In part 22 of my 54 part Dividend Aristocrats In Focus series I take a look at the operations, growth prospects, and competitive advantage of asset manager T. Rowe Price Group (TROW). The company was founded in 1954 and has grown to $738 billion in assets under management. The company provides retirement plans, mutual funds, separately managed accounts, and a broad array of other financial and investment services. T. Rowe has increased its dividend payments to shareholders for 27 consecutive years. It is the only other asset management Dividend Aristocrat besides competitor Franklin Resources (BEN).
T. Rowe’s competitive advantage comes from its trusted name in the mutual fund industry. The company generates the bulk of its revenue from its mutual funds. As a result, outperformance compared to its peers is critical for the company to continue marketing its mutual funds. The company has outperformed its peers based on Lipper mutual fund averages. The percentage of the company’s mutual funds that have outperformed over various time frames is shown below:
- 1 Year: 71%
- 3 Year: 76%
- 5 Year: 77%
- 10 Year: 82%
The company’s competitive mutual fund products have helped it reach its massive scale. T. Rowe has a weaker competitive advantage than many of the other dividend aristocrats I have examined. As is repeated ad nauseam to investors, “past performance is no guarantee of future results”. Just because T. Rowe has outperformed its peers over the last decade, does not necessarily mean it can keep pace indefinitely. If the company begins to slip, I would expect significant client outflows of money from its mutual funds.
Future Growth Prospects
Rowe’s growth is driven by rising global markets and increasing its share of the asset management industry by attracting new clients to its funds. The company has benefited greatly from the 5 year bull market we find ourselves in. As asset values increase, the fund has a larger asset under management base with which to charge fees. Of course, when markets correct, T. Rowe’s asset base will shrink, along with its fees, revenues, and earnings per share.
The company’s recent growth has been less than stellar when you account for the five year bull market. The company’s full year 2013 marked the first time since 2001 when net cash flows into the company’s various investment products and services was negative. There is no good reason for this other than the company is slowly losing ground. Total cash flows were negative again for the company’s most recent second quarter 2014.
The financial landscape is trending toward ETFs and low fee options. Companies like Vanguard Group have experienced strong growth over the last decade benefitting from this trend. I don’t believe T. Rowe price is going out of business any time soon, but I don’t see a durable competitive advantage that differentiates it from its competition or protects it from the low fee trend in investing. With flat to negative cash flows and assuming long-term after inflation global market growth of 7% (which is generous), I can see T. Rowe growing EPS by 3% to 7% a year going forward, with the potential to do significantly worse over the next several years if a bear market reduces asset values.
Rowe currently has a dividend yield of 2.3% and a payout ratio of about 37%. The company has increased its dividend payments for 27 consecutive years. With its above-average dividend yield and fairly low payout ratio, T. Rowe price has room to raise its dividend above overall company growth for several years.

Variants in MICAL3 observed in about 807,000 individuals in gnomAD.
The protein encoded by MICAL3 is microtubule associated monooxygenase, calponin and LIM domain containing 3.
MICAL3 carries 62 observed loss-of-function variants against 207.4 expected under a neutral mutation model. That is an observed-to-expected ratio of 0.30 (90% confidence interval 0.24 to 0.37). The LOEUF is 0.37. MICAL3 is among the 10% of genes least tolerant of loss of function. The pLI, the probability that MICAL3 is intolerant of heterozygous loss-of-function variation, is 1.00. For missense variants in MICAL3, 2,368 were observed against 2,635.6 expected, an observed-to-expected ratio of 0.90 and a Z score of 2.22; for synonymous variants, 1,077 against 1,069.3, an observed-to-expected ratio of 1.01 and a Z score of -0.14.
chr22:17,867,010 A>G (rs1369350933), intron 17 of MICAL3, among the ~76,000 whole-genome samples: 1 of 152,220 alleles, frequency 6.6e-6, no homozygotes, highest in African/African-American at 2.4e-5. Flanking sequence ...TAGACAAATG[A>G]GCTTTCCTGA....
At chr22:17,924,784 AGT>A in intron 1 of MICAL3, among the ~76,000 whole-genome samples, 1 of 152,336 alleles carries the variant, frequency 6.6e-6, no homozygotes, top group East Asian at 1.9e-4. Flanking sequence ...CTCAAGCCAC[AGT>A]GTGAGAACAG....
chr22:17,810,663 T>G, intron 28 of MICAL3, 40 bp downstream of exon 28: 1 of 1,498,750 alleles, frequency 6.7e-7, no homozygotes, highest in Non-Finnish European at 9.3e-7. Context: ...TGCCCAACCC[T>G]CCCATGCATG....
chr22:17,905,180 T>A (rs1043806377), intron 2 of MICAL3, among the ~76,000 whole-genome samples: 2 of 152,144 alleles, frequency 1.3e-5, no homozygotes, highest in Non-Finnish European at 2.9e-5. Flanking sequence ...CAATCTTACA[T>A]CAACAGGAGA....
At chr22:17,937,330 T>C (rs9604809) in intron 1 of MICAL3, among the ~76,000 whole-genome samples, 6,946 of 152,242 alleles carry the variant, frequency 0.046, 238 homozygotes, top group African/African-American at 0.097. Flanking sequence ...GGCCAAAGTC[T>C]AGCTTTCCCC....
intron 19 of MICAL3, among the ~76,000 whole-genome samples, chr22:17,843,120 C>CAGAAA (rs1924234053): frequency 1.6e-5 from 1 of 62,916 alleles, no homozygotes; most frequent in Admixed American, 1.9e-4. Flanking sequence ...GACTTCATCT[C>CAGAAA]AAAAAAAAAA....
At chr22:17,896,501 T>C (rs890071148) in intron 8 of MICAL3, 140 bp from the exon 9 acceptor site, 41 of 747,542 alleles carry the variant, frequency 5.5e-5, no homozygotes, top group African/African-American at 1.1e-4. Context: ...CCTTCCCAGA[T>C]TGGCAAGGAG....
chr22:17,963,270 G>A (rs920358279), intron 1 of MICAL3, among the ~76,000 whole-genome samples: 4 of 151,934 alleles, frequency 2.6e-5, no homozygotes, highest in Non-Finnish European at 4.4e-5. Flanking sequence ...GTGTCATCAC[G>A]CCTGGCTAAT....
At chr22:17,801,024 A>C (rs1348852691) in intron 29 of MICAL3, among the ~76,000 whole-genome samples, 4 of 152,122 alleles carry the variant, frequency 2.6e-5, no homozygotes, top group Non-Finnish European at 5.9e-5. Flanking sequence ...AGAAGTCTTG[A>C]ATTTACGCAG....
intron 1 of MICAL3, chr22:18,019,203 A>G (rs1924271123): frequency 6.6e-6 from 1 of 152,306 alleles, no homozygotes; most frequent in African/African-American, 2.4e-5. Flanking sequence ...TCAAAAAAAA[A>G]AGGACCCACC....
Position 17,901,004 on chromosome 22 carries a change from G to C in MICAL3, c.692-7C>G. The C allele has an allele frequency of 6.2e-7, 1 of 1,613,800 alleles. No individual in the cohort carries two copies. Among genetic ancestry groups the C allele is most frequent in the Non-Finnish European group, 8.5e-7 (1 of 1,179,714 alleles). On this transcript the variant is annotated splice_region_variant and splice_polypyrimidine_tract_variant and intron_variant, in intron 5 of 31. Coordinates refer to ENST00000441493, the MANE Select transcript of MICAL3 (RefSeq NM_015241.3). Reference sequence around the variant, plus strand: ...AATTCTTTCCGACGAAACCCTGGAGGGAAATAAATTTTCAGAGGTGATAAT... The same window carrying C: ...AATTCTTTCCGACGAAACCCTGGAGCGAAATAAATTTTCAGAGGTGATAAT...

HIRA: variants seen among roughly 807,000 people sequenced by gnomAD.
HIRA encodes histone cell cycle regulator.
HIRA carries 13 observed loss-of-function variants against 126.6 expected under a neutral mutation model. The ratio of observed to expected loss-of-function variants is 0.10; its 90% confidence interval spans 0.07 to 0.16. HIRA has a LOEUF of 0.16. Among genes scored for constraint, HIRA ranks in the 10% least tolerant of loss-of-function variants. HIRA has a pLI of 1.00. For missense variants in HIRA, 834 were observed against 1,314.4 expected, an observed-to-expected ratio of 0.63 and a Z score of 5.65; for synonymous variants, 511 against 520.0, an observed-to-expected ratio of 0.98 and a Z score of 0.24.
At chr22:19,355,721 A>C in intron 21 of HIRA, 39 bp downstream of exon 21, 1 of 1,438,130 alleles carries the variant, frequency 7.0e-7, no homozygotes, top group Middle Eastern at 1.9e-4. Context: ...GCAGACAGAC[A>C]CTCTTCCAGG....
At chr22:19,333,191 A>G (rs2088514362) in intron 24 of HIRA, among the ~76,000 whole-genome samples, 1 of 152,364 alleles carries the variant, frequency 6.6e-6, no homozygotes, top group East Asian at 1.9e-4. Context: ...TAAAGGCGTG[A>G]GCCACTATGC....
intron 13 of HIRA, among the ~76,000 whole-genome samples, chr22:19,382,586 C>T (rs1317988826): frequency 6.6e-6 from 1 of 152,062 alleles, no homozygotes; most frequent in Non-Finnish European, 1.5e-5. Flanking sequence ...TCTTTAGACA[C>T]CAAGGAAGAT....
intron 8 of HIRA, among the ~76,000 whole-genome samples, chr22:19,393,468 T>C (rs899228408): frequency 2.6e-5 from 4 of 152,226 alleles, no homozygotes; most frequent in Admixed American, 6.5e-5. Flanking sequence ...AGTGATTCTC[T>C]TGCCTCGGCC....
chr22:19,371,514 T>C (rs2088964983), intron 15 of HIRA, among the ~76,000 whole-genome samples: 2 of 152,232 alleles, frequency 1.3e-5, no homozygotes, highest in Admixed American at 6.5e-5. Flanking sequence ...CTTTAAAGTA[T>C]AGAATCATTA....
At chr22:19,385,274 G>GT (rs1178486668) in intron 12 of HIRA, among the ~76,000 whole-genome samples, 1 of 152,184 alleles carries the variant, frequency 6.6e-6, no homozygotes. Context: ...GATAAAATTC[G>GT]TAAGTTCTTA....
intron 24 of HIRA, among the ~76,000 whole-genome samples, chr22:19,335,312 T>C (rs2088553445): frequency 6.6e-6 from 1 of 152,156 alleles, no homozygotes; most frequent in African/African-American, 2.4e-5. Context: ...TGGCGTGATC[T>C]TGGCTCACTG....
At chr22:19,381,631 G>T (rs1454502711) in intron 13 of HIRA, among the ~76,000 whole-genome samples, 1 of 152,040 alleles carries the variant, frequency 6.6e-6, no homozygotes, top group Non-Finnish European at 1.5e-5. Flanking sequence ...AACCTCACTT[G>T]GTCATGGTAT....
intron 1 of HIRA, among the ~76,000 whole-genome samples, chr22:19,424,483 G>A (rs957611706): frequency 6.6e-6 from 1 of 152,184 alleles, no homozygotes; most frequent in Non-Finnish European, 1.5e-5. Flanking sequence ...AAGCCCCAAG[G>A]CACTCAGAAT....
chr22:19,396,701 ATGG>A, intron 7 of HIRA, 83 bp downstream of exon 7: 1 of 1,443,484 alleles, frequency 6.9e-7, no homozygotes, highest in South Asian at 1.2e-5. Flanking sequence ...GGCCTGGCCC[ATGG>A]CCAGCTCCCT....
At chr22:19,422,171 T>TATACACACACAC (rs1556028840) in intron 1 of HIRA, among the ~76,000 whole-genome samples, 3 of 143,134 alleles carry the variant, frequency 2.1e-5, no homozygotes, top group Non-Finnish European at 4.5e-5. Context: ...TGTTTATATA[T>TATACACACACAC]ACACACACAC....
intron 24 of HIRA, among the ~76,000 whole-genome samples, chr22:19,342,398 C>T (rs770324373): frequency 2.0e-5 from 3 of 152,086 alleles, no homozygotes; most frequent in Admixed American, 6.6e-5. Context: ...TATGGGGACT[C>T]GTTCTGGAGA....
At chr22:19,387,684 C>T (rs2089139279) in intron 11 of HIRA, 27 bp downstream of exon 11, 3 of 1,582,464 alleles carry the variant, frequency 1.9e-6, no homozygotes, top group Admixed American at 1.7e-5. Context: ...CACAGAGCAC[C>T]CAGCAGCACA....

Based on the overvalued nature of the market today and the higher likelihood of a recession, I believe T. Rowe’s management will not grow its dividend payments faster than overall company growth even though it has the ability to do so. As a result, I would expect dividend growth significantly slower than the double-digit dividned per share growth the company has seen in the last decade.
Rowe saw earnings and revenue fall during the Great Recession of 2007 to 2009. To the company’s credit, earnings per share remained positive throughout the recession. The company quickly rebounded, and reached new highs in earnings per share by 2010. The company’s revenue per share and earnings per share throughout the most recent recession and through the first year of recovery are listed below to give you a better idea of the company’s performance through that time.
- 2007 EPS of $2.40, revenue per share of $8.42
- 2008 EPS of $1.82, revenue per share of $8.24
- 2009 EPS of $1.65, revenue per share of $7.22
- 2010 EPS of $2.53, revenue per share of $9.15
The market has clearly disagreed with my assessment of T. Rowe. The company has traded at a 1.26x premium to the S&P500’s PE ratio over the last decade. I do not believe the company possesses a strong competitive advantage that will insulate it from the effects of competition going forward.
As a result, I do not believe the company should command a premium over the S&P500’s PE ratio. Historically, the S&P500’s PE ratio has averaged 15. I place the fair multiple for T. Rowe at 15. The fair value for the company today, with current ultra-low interest rates and an overvalued market is around 18, in line with the S&P500’s current PE ratio. T. Rowe currently trades at a PE ratio of 17.5, making it about fairly valued relative to inflated market levels, and slightly overvalued relative on an absolute basis based on my analysis.
Rowe Price Group has had a strong 27 year run of increasing dividends. I believe the company’s competitive advantage has significantly weakened over the last decade with the rise of low cost ETFs and the difficulty the company has in differentiating itself from competition. As a result, I believe there are better dividend growth options available elsewhere for investors seeking growth and/or income.